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Carter G. Woodson - History, the Black Press, and Public Relations

Carter G. Woodson

History, the Black Press, and Public Relations

By Burnis R. Morris
Series: Race, Rhetoric, and Media Series

Paperback : 9781496820136, 202 pages, 10 b&w illustrations, September 2018
Hardcover : 9781496814074, 202 pages, 10 b&w illustrations, September 2017

A recognition of how the Father of Black History harnessed publicity power


This study reveals how Carter G. Woodson (1875–1950) used the black press and modern public-relations techniques to popularize black history during the first half of the twentieth century. Often overlooked is Woodson’s skillful use of newspapers in developing and executing a public-education campaign built on truth, accuracy, and fairness. Burnis R. Morris explains how Woodson attracted mostly favorable news coverage for his history movement due to his deep understanding of the newspapers’ business and editorial models as well as his public-relations skills.

Woodson’s publicity tactics, combined with access to the audiences granted by the press, enabled him to drive the black history movement—particularly observance of Negro History Week and fundraising activities. This rarely explored side of Woodson, who was often called the “Father of Black History,” reintroduces Woodson’s lost image as a leading cultural icon who used his celebrity in multiple roles as an opinion journalist, newsmaker, and publicist of black history.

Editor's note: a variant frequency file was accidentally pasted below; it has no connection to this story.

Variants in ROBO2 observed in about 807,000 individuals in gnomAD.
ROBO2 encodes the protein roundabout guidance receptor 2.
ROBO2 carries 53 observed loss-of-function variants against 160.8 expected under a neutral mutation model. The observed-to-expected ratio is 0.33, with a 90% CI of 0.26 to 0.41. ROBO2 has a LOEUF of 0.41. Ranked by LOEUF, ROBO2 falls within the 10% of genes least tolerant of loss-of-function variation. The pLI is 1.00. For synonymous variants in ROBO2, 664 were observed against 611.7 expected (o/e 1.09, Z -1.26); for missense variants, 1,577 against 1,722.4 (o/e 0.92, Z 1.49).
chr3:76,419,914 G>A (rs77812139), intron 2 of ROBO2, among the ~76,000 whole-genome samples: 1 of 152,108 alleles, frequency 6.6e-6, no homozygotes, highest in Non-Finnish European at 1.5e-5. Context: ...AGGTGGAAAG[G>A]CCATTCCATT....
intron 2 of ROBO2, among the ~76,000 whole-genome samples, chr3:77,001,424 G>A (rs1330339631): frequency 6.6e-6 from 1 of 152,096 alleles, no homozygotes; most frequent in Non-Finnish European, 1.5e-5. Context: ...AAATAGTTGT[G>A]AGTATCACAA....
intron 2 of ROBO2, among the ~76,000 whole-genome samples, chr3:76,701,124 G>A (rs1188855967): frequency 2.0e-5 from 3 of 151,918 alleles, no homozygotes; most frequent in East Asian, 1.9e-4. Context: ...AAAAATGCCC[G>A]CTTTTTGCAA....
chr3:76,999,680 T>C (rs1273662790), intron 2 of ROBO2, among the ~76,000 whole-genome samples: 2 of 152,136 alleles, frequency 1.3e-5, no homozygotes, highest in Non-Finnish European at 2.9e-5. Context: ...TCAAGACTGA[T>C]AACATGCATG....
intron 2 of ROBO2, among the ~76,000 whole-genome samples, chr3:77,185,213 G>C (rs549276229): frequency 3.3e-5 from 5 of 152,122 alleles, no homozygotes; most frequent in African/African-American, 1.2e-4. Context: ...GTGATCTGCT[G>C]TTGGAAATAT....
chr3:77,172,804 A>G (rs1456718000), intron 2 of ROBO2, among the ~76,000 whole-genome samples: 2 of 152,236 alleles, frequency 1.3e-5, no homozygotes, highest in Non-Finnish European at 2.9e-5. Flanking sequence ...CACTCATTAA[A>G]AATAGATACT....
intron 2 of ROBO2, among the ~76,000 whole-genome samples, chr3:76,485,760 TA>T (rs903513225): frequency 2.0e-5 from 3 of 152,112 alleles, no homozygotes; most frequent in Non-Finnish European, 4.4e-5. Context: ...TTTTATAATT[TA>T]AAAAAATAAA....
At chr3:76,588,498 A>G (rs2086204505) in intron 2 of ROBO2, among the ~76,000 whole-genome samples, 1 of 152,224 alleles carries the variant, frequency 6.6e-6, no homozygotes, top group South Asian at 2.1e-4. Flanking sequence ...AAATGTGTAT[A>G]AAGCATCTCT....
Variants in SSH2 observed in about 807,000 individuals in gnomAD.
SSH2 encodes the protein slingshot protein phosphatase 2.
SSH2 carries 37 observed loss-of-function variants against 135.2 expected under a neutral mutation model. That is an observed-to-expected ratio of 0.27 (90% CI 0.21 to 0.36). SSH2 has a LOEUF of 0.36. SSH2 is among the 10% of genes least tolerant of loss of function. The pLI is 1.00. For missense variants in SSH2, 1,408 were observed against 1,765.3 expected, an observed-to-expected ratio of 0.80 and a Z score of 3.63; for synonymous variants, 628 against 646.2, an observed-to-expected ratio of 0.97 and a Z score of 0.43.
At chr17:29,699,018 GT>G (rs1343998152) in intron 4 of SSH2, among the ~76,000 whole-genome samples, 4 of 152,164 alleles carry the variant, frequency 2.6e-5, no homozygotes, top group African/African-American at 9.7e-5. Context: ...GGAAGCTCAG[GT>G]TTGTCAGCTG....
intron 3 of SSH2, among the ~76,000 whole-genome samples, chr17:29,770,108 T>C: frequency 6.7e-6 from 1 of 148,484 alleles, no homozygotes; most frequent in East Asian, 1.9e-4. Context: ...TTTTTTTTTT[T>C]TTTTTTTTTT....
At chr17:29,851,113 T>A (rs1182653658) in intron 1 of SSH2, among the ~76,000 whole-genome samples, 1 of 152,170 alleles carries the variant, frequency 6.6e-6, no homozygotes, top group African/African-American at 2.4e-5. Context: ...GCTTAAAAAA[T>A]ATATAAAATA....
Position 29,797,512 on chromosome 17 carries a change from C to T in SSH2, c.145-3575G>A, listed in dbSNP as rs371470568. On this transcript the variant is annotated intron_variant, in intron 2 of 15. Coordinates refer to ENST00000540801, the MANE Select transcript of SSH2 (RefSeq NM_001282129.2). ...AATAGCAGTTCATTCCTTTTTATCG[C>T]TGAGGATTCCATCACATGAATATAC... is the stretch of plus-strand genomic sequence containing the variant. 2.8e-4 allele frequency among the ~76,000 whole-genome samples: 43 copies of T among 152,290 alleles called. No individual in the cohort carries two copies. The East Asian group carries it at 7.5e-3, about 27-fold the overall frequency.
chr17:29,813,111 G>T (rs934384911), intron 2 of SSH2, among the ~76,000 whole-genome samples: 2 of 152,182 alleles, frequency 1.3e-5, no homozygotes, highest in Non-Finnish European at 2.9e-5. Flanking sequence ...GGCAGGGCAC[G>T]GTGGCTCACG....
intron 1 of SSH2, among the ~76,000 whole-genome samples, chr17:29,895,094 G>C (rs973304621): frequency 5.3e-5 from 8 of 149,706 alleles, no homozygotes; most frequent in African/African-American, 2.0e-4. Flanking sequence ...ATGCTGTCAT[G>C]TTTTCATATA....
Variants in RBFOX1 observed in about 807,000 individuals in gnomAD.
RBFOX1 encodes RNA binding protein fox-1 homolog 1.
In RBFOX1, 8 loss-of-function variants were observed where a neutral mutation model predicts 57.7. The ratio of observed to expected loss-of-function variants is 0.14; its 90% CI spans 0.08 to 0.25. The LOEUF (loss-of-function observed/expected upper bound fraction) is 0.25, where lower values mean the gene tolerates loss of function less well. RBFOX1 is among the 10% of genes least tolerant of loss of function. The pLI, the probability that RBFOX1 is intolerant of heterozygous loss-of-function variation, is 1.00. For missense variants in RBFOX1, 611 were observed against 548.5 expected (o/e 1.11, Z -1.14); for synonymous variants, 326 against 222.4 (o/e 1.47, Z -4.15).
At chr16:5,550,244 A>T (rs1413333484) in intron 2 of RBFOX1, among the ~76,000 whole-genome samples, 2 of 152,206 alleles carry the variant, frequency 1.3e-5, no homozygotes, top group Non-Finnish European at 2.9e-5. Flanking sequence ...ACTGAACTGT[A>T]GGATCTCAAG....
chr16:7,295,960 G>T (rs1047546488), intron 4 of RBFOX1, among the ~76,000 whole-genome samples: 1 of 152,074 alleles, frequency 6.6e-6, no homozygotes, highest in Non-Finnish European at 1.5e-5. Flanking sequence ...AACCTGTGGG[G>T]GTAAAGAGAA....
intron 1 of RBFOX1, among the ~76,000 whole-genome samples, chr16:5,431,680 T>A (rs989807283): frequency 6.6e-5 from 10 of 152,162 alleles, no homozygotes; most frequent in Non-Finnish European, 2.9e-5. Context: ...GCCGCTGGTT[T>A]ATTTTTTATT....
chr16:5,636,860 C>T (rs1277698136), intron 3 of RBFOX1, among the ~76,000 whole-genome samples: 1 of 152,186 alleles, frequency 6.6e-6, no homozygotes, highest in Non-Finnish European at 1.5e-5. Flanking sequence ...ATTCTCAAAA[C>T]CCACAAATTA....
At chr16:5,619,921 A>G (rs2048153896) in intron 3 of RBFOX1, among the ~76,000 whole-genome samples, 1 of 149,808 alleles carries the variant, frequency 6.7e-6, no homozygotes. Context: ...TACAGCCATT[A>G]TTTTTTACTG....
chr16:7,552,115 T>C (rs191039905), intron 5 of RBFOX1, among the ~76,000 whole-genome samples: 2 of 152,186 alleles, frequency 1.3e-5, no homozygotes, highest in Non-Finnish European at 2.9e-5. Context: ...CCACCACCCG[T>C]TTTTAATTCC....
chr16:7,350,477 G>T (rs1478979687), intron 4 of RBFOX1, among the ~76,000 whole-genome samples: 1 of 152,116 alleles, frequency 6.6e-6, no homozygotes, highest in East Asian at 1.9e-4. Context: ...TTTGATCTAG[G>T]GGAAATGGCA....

"Morris's work represents a breakthrough in taking Carter G. Woodson seriously as a personality and an institution builder. Most notably we learn how he used the press to transform the Association for the Study of Negro Life and History into the force that reshaped the celebration of Negro History, turning it into the most vibrant celebration of public history in America. A must-read for anyone who wants to understand Woodson."

- Daryl Michael Scott, professor of history, Howard University, and editor of Carter G. Woodson's Appeal

"Through this book, Morris recuperates Woodson’s rightful place in US journalism history and the field of public relations. . . . Morris offers a fresh take on Woodson’s life and activism, unearthing his role as a skilled publicist promoting and popularizing Black history through the press."

- Christian Walkes, Harvard University, The Journal of African American History